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Art Carney was a quiet, quirky genius and this film is a lasting
testament to his talent.
It's a story about how an -average- man (actually not average at all, as we come to find out) lives a life of dignity and confronts the chaos of modern existence--including that most devastating of inevitabilities, mortality and, particularly, old age .
Besides Carney, watch for superb ensemble acting from Ellen Burstyn, Larry Hagman, the inimitable Chief Dan George, Arthur Hunnicutt, and a host of great character actors from the 70's.
Unlike so many contemporary scripts from the late 60's and early 70's, the cultural references seem interesting and historical and not dated, probably because--like everything else in this film--they are treated with respect and a sense of mercy.
If this film had been made by a French director in 1974, it would be heralded as a major classic. Oh, well.
Watch it. Savor it. This is really something special.
A wonderful movie experience that speaks volumes with its quiet, methodical pace. "Harry and Tonto" concerns a retired school teacher in his 70s (shocking Oscar-winner Art Carney) who is forced to leave the only home he has ever known when his apartment in New York is demolished to make way for a parking garage. Possibly this will be no big deal as he and Tonto (his faithful cat) decide to go live with his son (Philip Burns). Quickly it is apparent though that the arrangement will not work and Carney decides that maybe it is time to see the nation he has never gotten a chance to see before by heading west (with a little luggage and his cat of course). Along the way he meets back up with his daughter (Ellen Burstyn), has his grandson (Josh Mostel) follow him from New York, encounters a strange hitchhiker (Melanie Mayron) and even has a short jail stay with Chief Dan George. As the trip continues a fine line is developed between Carney's old ties and his new ones. Carney is one of those people who instantly appears to be everyone's life-long friend. The trip is an opportunity to meet new friends and sometimes, very sadly, say goodbye to old ones. In the end Carney's journey does not only take him cross-country, it also takes him to new and sometimes forgotten emotional experiences that he desperately needed to have. "Harry and Tonto" is a simple film that did not rely on a big budget or trivial situations to tell its story. This is a human tale that speaks to anyone who is willing and able to listen. Director and co-writer Paul Mazursky (Oscar-nominated for the latter) created a movie that touches its audience with heart, emotion and smarts. Carney is a revelation. He is basically only known for his silly turn on television's "The Honeymooners", but he proved he could play a part that is very difficult to pull off. Carney, only 56 at the time, plays much older than he was and received much support come Oscar season (some looking suspiciously like sympathy votes). In the end, Carney did win Oscar gold over such other names as Al Pacino ("The Godfather, Part II"), Jack Nicholson ("Chinatown"), Dustin Hoffman ("Lenny") and Albert Finney ("Murder on the Orient Express"). In retrospect, it is still hard to decide which of those five delivered the finest performance of that year. One thing is for sure though, "Harry and Tonto" is one of those rare movies that always seems to stand the test of time. 4.5 out of 5 stars.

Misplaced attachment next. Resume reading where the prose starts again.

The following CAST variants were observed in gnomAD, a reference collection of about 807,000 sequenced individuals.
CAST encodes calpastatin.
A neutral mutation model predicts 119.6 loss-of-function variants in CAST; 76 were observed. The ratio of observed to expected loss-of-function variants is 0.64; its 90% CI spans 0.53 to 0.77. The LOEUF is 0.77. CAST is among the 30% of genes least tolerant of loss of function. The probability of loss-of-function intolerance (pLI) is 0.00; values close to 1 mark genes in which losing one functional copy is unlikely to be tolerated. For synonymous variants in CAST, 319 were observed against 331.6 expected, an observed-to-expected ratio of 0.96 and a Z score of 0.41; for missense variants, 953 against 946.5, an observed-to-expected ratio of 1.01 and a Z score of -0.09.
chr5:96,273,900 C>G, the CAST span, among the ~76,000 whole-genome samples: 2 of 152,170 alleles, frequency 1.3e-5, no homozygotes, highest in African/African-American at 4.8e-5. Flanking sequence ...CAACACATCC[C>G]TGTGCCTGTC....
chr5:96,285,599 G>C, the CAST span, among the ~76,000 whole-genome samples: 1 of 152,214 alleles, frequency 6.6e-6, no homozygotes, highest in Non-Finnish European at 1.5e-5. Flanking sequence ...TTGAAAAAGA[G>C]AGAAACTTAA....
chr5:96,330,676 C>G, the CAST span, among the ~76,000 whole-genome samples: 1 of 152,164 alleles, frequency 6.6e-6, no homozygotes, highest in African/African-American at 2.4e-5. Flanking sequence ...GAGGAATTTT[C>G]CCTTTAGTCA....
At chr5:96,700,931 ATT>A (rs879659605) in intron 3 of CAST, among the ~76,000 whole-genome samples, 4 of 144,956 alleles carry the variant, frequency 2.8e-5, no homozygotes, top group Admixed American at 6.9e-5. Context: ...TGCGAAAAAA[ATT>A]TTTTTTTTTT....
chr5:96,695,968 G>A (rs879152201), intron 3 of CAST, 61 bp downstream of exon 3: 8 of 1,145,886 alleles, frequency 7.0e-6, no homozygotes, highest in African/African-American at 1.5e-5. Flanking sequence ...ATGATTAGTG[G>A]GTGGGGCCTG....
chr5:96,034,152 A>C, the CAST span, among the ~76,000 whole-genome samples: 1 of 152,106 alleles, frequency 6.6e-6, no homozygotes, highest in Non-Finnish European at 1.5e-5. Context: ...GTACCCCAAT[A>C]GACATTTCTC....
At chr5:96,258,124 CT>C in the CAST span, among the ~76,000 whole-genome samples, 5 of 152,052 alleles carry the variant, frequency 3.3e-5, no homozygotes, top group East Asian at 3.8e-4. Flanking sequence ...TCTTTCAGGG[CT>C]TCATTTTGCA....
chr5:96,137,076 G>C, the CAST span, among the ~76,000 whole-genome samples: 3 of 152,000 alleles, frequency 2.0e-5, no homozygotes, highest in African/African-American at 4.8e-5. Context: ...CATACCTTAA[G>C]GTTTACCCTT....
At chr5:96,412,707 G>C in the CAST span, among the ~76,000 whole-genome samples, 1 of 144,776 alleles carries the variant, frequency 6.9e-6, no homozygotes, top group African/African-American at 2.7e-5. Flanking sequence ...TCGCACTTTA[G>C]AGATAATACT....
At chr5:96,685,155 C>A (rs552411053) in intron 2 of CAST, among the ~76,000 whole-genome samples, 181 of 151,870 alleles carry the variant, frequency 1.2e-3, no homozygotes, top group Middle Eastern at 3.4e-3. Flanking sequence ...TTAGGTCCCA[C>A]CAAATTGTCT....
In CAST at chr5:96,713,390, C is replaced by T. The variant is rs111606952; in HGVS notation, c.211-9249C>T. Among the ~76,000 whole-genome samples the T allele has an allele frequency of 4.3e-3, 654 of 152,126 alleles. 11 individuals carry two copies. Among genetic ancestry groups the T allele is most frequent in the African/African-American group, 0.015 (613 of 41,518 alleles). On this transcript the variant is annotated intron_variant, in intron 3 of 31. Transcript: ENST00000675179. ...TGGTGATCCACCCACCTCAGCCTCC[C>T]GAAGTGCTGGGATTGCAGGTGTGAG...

Every once in a while - but less and less these days - a movie comes
around that has some impact, in that you find it hard to get it out
your mind for awhile. That's what "Harry and Tonto" did to me,
It wasn't the world's greatest film but it was great storytelling, sometimes a lost art among filmmakers in recent decades. "Harry" is a retiree and "Tonto" is his cat. The movie follows the two around as the pair travel from the East Coast to the West. It all begins when Harry's building is demolished as part of "urban renewal." He quickly finds out he doesn't want to live with his quirky son and his even-stranger kids, so he hits the road to Chicago to seek out other relatives. It goes from there.
The movie is filled with little vignettes. For instance, how the cat adapts for doesn't adapt to some modes of travel and the interesting and very diverse people Harry meets on the way (which winds up going all the way to Los Angeles).
Art Carney as "Harry Coombes" got the Academy Award for best actor. My vote might have gone to the cat. If you've ever owned a cat, you can appreciate how unbelievably-trained this feline was in the film. Tonto was amazing! Almost everyone in this film is a good person who tries to befriend Harry and Tonto, so you get a good feel throughout this almost-two-hour movie. It's one memorable short story after another - some funny, some sad.